Go Nuts for Nuts: 10 Nuts to Add to Your DietArticle posted in: Diet & Nutrition
If you want to lose belly fat and improve your heart health, go nuts—literally. Adding more nuts and seeds to your diet can give your daily nutrition more monounsaturated fats, according to research conducted by Penn State University. Diets rich in these “good” fats, like the “Mediterranean diet,” have been shown to reduce belly fat compared to diets where other fats are eaten instead—which is why we’ve come up with a guide to choosing the healthiest nuts to add to your weight loss diet.
Those same monounsaturated fats have also been shown to control blood pressure. And according to a 2013 Spanish study, eating a diet supplemented with nuts and olive oil reduced the risk of stroke, heart attack and death by 30 percent.
So your health—and your belly—want you to go nuts. Just don’t go too nuts: Because they’re calorie-dense foods, it’s easy to go overboard. Consult the Nutrisystem Grocery Guide to make sure you’re keeping your portions in control when choosing the healthiest nuts.
Here are 10 of the healthiest nuts to help you get these heart and belly-healthy benefits—as well as bonus benefits for disease prevention, appetite control and more:
Even if you don’t lose weight, eating almonds can help your belly shrink. In a study published in the Journal of the American Heart Association (JAHA), people with elevated LDL cholesterol—the “bad” cholesterol—those who ate a daily snack of almonds dropped fat in their legs and bellies, even if they didn’t lose weight overall—which is why this little powerhouse made our list of healthiest nuts.
How to enjoy them: Sprinkle some on a salad to make it more filling and fight fat. This surprising Green Goddess Salad features 1/2 cup of shaved almonds with Brussels sprouts, edamame and kale for a flavor you’ll love.
Those shells are a savior for portion control: If you keep the pile of pistachio shells near you as you snack, it could help signal to your brain that you’ve eaten enough. In one study of students published in the journal Appetite, those who had to shell their pistachios ate 41 percent fewer calories than those who got pre-shelled nuts—but both groups felt just as satisfied and filled up from the snack.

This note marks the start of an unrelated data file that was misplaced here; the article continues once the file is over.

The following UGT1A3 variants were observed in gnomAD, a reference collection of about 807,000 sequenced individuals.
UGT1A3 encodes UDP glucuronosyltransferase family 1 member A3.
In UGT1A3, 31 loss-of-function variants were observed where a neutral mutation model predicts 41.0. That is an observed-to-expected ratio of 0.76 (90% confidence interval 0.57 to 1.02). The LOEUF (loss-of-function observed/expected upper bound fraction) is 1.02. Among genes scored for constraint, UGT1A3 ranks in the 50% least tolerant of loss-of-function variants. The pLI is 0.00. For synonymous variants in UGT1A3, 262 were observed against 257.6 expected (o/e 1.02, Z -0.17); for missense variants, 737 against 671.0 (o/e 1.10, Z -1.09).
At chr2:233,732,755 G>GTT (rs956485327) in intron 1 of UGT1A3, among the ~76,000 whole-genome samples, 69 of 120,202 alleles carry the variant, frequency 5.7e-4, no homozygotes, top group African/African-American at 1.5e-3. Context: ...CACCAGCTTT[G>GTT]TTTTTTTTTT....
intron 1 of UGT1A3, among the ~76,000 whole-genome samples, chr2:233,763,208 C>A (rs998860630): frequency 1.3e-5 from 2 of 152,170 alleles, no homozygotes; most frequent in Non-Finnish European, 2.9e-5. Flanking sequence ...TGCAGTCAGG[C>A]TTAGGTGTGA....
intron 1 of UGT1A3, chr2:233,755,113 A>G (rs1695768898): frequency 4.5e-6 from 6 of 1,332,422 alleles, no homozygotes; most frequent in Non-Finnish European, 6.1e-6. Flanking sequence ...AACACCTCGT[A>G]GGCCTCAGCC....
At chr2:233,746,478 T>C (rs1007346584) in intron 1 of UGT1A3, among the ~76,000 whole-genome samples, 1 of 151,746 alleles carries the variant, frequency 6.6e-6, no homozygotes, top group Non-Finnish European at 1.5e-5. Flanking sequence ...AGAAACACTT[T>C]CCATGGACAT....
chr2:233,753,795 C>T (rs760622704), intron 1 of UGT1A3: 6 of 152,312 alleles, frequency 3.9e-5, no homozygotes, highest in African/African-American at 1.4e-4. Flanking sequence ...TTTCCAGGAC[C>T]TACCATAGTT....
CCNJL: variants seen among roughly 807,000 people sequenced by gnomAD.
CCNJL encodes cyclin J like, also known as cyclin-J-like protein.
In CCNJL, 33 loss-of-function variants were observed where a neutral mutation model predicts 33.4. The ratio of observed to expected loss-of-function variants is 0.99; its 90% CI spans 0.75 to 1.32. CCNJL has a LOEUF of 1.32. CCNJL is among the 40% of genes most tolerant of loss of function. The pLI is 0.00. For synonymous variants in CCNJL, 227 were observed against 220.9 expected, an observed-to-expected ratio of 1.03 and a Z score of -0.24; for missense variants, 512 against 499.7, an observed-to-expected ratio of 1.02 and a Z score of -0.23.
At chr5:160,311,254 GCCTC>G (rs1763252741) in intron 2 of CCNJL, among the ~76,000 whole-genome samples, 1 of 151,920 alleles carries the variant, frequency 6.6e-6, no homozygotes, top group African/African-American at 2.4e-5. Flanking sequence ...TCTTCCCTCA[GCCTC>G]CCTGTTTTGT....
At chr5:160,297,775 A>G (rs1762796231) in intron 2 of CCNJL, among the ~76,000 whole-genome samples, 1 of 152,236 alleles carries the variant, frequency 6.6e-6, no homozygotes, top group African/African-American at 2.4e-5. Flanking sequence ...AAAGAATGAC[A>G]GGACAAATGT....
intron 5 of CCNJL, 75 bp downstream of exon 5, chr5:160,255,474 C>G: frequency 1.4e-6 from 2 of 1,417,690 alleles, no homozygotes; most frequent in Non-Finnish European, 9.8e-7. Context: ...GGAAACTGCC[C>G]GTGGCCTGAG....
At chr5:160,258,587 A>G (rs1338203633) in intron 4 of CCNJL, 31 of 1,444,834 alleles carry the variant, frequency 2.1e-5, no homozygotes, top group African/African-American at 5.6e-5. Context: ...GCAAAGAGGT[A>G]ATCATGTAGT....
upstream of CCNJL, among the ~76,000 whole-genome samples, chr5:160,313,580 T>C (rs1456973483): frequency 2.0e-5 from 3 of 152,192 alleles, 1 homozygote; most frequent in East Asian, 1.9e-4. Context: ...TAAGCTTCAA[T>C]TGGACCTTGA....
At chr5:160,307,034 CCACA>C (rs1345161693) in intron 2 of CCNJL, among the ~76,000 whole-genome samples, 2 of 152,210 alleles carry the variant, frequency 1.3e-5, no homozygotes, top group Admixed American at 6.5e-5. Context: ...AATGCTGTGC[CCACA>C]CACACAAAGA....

How to enjoy them: With the shells on! On Nutrisystem, 2 Tablespoons of pistachios is one PowerFuel.
Feed not just your body, but your brain: Like salmon, walnuts have omega-3 fatty acids, which have been shown to help with memory and brain functions. In one study published in Plant Foods for Human Nutrition, rats who were given walnuts for 28 days ate less food overall while increasing their ability to complete a maze—making them fitter in both mind and body.
How to enjoy them: Add crunch to your oatmeal with a serving of walnuts. This bowl of Banana Nut Overnight Oatmeal even takes the morning rush out of making them—mix oats, almond milk, bananas, walnuts and other ingredients together before bed, and wake up to a sweet, crunchy, delicious breakfast you can feel great about.
While all tree nuts can help with hypertension, cashews bring some extra help to your blood pressure (BP): Magnesium. According to the National Institutes of Health, this mineral helps lower blood pressure and aids in blood sugar control. These little elbow-shaped nuts don’t stop there, though. Cashews are also loaded with copper, according to the Academy of Nutrition and Dietetics, which can help your body use iron from your diet to form more red blood cells.